Professor and Associate Dean Milena Sterio published “Torture Is Always Illegal, No Matter What Results It May Produce,” on Intlawgrrls, a blog authored by women who teach and work in international law, policy and practice, regarding the recently released Senate Intelligence Committee report ("Torture Report") on enhanced interrogation techniques used by the C.I.A. since 9/11. Sterio, the Charles R. Emrick Jr. - Calfee Halter & Griswold Professor of Law, is a leading expert on international law, and in particular, maritime piracy. Serving as a maritime piracy law expert, she has participated in meetings of the United Nations Contact Group on Piracy off the Coast of Somalia. and is also a member of the Piracy Expert Group.
In the post (excerpts below), Sterio argues that the interrogation techniques used amount to torture under both international law – the Convention Against Torture, and various courts' interpretations of this Convention – as well as domestic law. In addition, Sterio finds that the question of whether enhanced interrogation techniques produced valuable intelligence results is irrelevant, because even if such techniques did produce excellent intelligence information, such techniques are still illegal because they amount to torture, and should never be utilized.
“Torture Is Always Illegal, No Matter What Results It May Produce”
The recently released Senate Intelligence Committee report on C.I.A. interrogation practices has sparked tremendous academic and political commentary. Sadly, much of said commentary focused on the wrong question – whether enhanced interrogation techniques used by the C.I.A. yielded valuable intelligence information, enabling the United States to thwart future terrorist attacks and to capture senior Al Qaeda leaders, such as Bin Laden. This question would be relevant only if the enhanced interrogation techniques did not amount to torture; because they did, the only appropriate response is to acknowledge the past and to accept responsibility, including imposing criminal liability on those responsible for the use of such practices.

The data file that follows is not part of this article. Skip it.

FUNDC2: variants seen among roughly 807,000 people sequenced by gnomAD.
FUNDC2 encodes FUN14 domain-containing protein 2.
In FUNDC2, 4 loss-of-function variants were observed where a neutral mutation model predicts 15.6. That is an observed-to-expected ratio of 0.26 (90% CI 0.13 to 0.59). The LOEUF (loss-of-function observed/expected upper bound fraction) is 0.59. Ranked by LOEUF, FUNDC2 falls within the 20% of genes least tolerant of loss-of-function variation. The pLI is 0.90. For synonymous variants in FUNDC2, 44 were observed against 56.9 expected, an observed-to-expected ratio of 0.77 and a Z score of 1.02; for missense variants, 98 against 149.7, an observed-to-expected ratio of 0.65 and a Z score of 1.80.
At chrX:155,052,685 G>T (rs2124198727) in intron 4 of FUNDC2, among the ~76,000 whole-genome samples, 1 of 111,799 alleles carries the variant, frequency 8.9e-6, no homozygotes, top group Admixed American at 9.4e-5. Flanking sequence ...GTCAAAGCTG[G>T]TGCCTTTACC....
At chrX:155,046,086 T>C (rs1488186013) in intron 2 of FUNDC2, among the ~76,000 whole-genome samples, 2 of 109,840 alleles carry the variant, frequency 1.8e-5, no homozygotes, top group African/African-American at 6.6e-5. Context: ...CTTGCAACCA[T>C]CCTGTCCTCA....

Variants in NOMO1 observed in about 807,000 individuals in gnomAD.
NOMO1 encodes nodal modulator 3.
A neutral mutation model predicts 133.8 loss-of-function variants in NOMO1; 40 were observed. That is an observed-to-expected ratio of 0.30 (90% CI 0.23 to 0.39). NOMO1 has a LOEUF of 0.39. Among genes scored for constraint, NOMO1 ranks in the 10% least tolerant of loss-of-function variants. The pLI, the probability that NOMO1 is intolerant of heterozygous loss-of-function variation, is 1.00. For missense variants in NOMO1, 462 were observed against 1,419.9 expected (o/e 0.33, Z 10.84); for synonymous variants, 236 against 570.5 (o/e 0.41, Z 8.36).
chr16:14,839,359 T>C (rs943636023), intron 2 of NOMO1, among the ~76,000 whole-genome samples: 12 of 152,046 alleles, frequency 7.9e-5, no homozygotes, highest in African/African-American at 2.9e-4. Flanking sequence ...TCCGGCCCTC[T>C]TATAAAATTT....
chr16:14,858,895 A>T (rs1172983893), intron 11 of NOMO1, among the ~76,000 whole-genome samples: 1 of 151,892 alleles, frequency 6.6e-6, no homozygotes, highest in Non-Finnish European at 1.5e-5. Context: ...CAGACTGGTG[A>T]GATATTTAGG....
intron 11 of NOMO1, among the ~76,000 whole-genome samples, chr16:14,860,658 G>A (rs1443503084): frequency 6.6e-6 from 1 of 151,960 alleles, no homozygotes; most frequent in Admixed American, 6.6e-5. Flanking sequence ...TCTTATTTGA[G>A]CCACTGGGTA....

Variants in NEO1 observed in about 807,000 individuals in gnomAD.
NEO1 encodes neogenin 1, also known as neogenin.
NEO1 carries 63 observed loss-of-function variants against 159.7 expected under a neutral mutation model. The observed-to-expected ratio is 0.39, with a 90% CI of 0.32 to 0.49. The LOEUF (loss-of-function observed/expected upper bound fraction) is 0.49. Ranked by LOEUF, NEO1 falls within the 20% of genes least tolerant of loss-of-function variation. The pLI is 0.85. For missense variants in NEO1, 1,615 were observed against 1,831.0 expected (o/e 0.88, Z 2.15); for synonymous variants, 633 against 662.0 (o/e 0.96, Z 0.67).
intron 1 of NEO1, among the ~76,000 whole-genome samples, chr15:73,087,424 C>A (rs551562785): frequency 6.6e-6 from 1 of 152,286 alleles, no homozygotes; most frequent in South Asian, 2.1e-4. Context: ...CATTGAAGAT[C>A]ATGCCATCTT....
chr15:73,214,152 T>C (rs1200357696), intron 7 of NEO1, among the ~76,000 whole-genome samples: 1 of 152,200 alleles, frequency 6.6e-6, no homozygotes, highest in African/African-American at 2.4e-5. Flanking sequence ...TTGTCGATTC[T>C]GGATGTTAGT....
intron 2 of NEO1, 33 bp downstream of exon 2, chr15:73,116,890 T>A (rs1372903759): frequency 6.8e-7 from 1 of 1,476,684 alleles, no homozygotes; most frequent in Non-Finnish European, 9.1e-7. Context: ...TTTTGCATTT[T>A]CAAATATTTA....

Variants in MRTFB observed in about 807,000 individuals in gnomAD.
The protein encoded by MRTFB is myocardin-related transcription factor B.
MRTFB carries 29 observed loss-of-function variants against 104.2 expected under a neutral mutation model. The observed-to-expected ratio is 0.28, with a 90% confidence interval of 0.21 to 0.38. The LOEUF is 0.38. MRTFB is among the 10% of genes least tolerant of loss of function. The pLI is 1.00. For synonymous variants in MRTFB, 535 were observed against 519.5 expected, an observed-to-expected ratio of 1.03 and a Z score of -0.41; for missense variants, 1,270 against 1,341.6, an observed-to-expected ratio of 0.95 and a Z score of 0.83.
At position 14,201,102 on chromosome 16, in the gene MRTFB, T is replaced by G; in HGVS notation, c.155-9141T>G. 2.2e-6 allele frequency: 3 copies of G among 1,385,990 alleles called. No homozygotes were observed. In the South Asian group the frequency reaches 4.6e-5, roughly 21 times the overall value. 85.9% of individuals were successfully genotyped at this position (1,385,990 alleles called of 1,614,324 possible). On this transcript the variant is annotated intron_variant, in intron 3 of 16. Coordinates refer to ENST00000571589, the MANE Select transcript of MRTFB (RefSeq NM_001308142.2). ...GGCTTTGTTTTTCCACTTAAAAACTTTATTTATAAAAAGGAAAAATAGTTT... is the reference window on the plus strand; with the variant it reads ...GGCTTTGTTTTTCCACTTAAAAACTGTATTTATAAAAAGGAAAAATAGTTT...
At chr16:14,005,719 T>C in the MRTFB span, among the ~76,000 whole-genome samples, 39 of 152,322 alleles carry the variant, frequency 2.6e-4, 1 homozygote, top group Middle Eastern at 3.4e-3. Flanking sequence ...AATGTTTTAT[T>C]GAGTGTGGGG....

The so-called “Torture Report” details numerous abuses at the hands of the C.I.A., including subjecting detainees to beatings, stress positions, isolation, sleep deprivation, harsh environmental conditions, rectal feedings, and water boarding (or “near drownings” in the case of at least one detainee), for weeks and/or months at a time. It is unquestionable that these practices in the aggregate amounted to torture under both international and domestic law.
What the United States can and should do now is to embrace responsibility for past abuses by bringing those responsible for torture to justice. President Obama, most likely for political reasons, has stated that it was time to move on. But many others have, rightly so, called for prosecutions, both because the United States has a legal duty to do so under the Convention Against Torture, and because unless past violations are adequately punished, in the words of Human Rights Watch executive director, Kenneth Roth, “torture will remain a ‘policy option’ for future presidents.” Torture is illegal; it should not have been utilized by the C.I.A. in the past nor should it ever become a future practice or policy.
Click here to read the full blog post.
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